Kind of a high-jack of another post asking if aluminum cans can get rid of the creosote that builds up in a chimney.
My question is, what makes a fire inside a chimney so dangerous? It seems to me that if a chimney is properly built with the aluminum and surrounded by brick. The fire should escape out the top of the chimney, eventually burning all of its fuel and dying out.
Back when i was a cook, and our char broiler would catch fire after a long night of cooking fatty foods, it would burn for 10-15 minutes and slowly die off, causing no harm to any surrounding equipment (i understand that cooking equipment is made to be hot, but so is a chimney)
A chimney fire can run a long time overheating the chimney which might allow it to ignite adjoining structure and allow smoke and gases into the home, or in the worst case collapsing the chimney. A chimney fire often emits a low of glowing embers that can set fire to the structure and nearby areas.
I think the basic answer is that a chimney fire can burn very very hot and radiate heat to the point of ignition into adjacent structural materials and/or onto roof shingles. The convection from a fire burning within the chimney column itself can produce terrific airflow that accelerates the fire even further – as the linked article says, it can sound like a freight train going by. I’ve heard sounds like that just when throwing a pizza box into a fireplace and I imagine it must be pretty frightening when the whole chimney column is ablaze.
I’ve never had a chimney fire, I just love fireplaces and have always been careful about the integrity of the fireplace masonry. I admit I haven’t been that careful about keeping the chimneys clean but I should be.
The problem isn’t as much a fire inside of a properly designed and constructed chimney, it is when there is damage to the chimney liner or the chimney itself. Any damage can allow the fire inside of a chimney to follow the damaged area out of the chimney and spread to the structure.
The other issue is that you can have a hot enough fire inside a perfectly good chimney that it is damaged by the fire, allowing the fire to leave the.chimney. That of course assumes you have a good chimney to start there are plenty of chimneys that have no damage but are not built to any recognized code. If the masonry is too thin, mortar incorrect, or there is inadequate clearance from combustible structure a fire can extend out of the chimney even without a break in the chimney.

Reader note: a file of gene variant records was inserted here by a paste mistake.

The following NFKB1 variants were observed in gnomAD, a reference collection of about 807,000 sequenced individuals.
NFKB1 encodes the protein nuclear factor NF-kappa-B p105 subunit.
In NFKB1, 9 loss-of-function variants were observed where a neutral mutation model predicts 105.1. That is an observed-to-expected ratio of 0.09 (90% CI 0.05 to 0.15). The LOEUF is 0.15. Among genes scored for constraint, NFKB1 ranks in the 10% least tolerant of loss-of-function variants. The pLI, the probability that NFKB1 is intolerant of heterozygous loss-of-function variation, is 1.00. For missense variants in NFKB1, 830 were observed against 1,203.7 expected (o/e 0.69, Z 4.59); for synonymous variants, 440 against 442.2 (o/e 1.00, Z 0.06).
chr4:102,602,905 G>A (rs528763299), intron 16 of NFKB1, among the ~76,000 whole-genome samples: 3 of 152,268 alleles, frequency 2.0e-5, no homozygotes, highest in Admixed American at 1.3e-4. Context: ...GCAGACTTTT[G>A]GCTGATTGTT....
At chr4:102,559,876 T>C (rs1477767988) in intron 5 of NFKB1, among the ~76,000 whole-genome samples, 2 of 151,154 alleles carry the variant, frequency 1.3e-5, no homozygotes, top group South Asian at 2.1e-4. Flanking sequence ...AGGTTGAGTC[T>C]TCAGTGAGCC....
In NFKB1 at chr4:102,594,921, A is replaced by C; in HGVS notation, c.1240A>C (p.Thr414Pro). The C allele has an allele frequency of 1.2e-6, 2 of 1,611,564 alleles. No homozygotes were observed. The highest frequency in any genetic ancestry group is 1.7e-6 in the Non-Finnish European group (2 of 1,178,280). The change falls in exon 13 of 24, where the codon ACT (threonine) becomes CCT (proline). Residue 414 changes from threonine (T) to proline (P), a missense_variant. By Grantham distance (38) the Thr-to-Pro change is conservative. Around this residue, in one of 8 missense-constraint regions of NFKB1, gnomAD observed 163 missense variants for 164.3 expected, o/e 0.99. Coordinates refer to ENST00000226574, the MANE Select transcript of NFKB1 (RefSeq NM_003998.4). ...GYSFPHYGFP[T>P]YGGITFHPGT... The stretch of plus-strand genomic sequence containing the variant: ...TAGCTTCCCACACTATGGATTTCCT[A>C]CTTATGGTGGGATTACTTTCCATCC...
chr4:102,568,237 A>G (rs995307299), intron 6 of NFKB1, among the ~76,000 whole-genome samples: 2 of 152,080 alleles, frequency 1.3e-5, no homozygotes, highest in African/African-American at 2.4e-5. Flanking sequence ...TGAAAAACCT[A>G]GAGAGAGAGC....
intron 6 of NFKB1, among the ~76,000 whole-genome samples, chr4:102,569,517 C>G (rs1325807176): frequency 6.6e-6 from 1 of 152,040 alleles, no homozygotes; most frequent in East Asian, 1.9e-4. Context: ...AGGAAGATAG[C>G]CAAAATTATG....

A good indicator of an upcoming chimney fire is creosote leaking out of a chimney liner. A chimney fire will follow the path the condensed creosote took (heat equals pressure, the fire gasses look for the path of least resistance). Of course, the only time I have seen the creosote trail have been while opening walls chasing chimney fires that left the flue, so it may not be as helpful an indicator as it sounds.
Just hire a knowledgeable chimney sweep to brush the flue and inspect the chimney. Way easier than firefighters damaging the roof and/or liner when we drop our chains.
Chimney fires are especially dangerous because:
[ul][li]They often go undetected for quite a while. They are inside a chimney, not visible, and heat & smoke are normal & expected in the area. Often they’re only detected when they break out of the chimney into the house.[/li][li]They can get very, very hot (partly because of above). And they will pre-heat the structural materials next to the chimney, so those can burn faster when the fire reaches them.[/li][li]They are often deep inside the structure, so difficult to reach to extinguish.[/li][li]They usually extend through multiple floors of the house, and have a built-in access to oxygen.[/li][/ul]
They can get so hot that the mortar between the bricks (in older homes) breaks down and fire jumps out into your attic.
Also, they can be so hot that combustibles adjacent (like your roof) can become superheated and flame up, even when no actual fire has touched it.
Chimneys are double walled construction. It can be steel inside steel or clay inside brick. A clay flue is a series of hollow blocks mortared together. They’re subjected to heat and any shifting of the fireplace. They’re supposed to float independent of the surrounding brick structure but many are mortared to the brick at the top. This causes stress when the hot clay expands. Joints fail allowing fire to move into the brick chamber. The brick is decoration and not meant to withstand an intense fire. It would only take on small gap in the brick mortar to allow a fire to transition to the surrounding structure which is usually wood framing butted up against the chimney. A chimney fire fed by the air driven by burning wood in the fireplace is going to produce something akin to a blow torch on any holes in the chimney.
Steel chimneys are doubled walled. They often sit inside wooden box structures that approximate the look of brick chimneys. Hot fires can melt steel producing a small hole that grows over time.
Another reason they’re dangerous is because some people will try to put them out by throwing a bucket of water into the chimney. As a firefighter once put it: “If you see your neighbor climbing up a ladder with a bucket of water to put out the fire, your reaction depends on your relationship with that neighbor. If you really don’t like him, offer to hold his ladder for him, pass the bucket up to him and then gather all of your other neighbors, telling them that someone’s going to fly on a chimney.”